There’s Nothing Idealistic About the One-State Solution

This is at least the third time in the past four years that philosophy professor Michael Neumann has used these pages to lambast the supporters of a one-state solution to the Israel-Palestine conflict. On each occasion he has offered a little more insight into why he so vehemently objects to what he terms the “delusions” of those who oppose – or, at least, gave up on – the two-state solution.

In his most recent essay, Neumann suggests that his previous reluctance to be more forthright was motivated by “politeness”. Well, I for one wish the professor had been franker from the outset. It might have saved us a lot of time and effort.

Even though I have identified myself as a supporter of the one-state solution, I find much to agree with in what Neumann writes on this occasion. Like him, I do not believe that a particular solution, or resolution, will occur simply because the Palestinians or their wellwishers make a good moral case for it. Success for the Palestinians will come when a wide array of regional developments force Israel to conclude that its current behaviour is untenable.

There are plenty of signs that just such a power shift is starting to take place in the Middle East: Iran’s possible development of a nuclear warhead; an awakening of democratic forces in Egypt and elsewhere; the fraying of the long and vital military alliance between Israel and Turkey; the exasperation of Saudi Arabia at Israel’s intransigence; the growing military sophistication of Hizbullah; and the complete discrediting of the US role in the region.

Neumann is wrong to assume that one has to be an idealist – believing in the political equivalent of fairies – to conclude that a one-state solution is on the cards. It does not have to be simply a case of wishful thinking. Rather, I will argue, it is likely to prove a realistic description of the turn of events over the next decade or more.

While Neumann and I agree on the causes of an Israeli change of direction, his and my analyses diverge sharply on what will follow from Israel’s realisation that its occupation is too costly to maintain.

Neumann proposes that, once cornered by regional forces it can no longer intimidate or bully, Israel will have to concede what he terms the “real” two-state solution.

He does not set out what such a solution would entail, but he is adamant that it – and only it – must take place. So let me help with an outline of the apparent minimal requirements for a real two-state solution:

* Israel agrees to pull out its half a million settlers from the West Bank and East Jerusalem, presumably assisted by lavish compensation from the international community;

* Israel hands over all of East Jerusalem to the Palestinians, while the city’s holy places, including the Western Wall, pass to a caretaker body representing the international community;

* The Palestinians get a state on 22 per cent of historic Palestine, with their capital in East Jerusalem;

* The Palestinians are free to establish an army – with Iran and Saudi Arabia presumably competing over who gets to sponsor it;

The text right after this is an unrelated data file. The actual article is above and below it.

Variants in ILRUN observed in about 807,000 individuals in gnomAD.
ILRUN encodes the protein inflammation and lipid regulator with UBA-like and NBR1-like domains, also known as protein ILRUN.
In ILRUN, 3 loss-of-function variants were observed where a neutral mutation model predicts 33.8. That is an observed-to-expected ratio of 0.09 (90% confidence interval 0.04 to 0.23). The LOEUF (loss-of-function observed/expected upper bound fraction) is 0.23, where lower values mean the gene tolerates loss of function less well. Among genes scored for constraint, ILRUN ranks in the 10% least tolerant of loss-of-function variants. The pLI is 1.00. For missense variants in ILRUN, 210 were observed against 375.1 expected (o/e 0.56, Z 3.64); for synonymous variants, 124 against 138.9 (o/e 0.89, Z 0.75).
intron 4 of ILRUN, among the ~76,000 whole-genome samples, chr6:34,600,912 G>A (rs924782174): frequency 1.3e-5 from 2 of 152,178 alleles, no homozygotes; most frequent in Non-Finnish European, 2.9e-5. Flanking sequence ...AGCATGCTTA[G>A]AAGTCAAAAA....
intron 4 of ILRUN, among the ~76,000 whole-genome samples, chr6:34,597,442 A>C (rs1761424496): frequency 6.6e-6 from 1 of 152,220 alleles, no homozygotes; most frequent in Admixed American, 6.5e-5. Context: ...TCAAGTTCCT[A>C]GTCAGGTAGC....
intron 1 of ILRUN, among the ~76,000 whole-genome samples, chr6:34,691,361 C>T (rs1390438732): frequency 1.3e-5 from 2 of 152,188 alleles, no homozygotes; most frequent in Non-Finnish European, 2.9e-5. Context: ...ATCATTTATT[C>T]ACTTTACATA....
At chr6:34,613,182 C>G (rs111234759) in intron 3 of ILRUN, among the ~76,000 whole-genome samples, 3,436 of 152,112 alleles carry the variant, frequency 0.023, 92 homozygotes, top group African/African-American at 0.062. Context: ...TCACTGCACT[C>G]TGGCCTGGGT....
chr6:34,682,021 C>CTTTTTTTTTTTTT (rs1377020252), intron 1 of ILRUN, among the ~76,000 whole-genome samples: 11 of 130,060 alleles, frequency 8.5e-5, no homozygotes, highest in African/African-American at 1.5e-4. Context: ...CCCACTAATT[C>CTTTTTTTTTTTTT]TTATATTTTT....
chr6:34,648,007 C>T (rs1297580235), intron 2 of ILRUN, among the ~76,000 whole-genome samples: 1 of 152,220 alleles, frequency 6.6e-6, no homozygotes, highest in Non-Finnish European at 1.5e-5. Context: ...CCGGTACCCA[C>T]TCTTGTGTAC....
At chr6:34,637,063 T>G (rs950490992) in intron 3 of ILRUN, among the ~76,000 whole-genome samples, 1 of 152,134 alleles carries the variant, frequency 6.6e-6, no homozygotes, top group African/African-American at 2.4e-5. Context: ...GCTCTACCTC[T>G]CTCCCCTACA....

* The Palestinians have control over their airspace and the electro-magnetic spectrum. If they have any sense, they quickly turn to Hizbullah for advice on how to neutralise Israel’s extensive spying operations, its overhead drones and listening posts currently sited all over the West Bank;

* The Palestinians get unfettered access to their new border with Jordan and beyond to other Arab states;

* The Palestinians are entitled to an equitable division of water resources from the main West Bank acquifers, currently supplying Israel with most of its water;

* And the Palestinians have, as promised under the Oslo accords, a passageway through Israel to connect the West Bank and Gaza.

Let us leave aside the social problems for Israel caused by this arrangment: the huge disruption created by an angry and newly homeless half a million settlers returning to Israel, as well as the dramatic aggravation of the already severe housing crisis in Israel and the rapid deterioration in relations with the large Palestinian minority living there.

Let us also not dwell on the problems faced by the Palestinians, including the potentially hundreds of thousands of refugees who will have to be absorbed into the limited space of the resource-poor West Bank and Gaza, or their likely anger at what they will see as betrayal, or the inevitable economic troubles of this micro-state.

Doubtless, all these issues can be addressed in a peace agreement.

In his essays, Neumann only factors in what Israelis are prepared to accept from a solution. So let us ignore too the “idealism” of those critics who are concerned about whether a “real two-state solution” can actually be made to work for ordinary Palestinians.

The assumption by Neumann is that, faced with a rapid escalation in the political and financial costs of holding on to the Palestinian territories, Israel will one day understand that it has no choice but to jettison the occupation.

He offers nine reasons for why the one-state solution is “blatantly nonsensical”. Though numerically impressive, most of his arguments – such as his discussion of the right of return, or the representativeness of a Palestinian government, or the nature of legal and moral rights – appear to have little or no bearing on the practical case either for or against one state. The same can be said of his ascription of the sin of idealism to those he lumps together as one-staters, and his allusion, yet again, to the vague formula of a “real two-state solution”.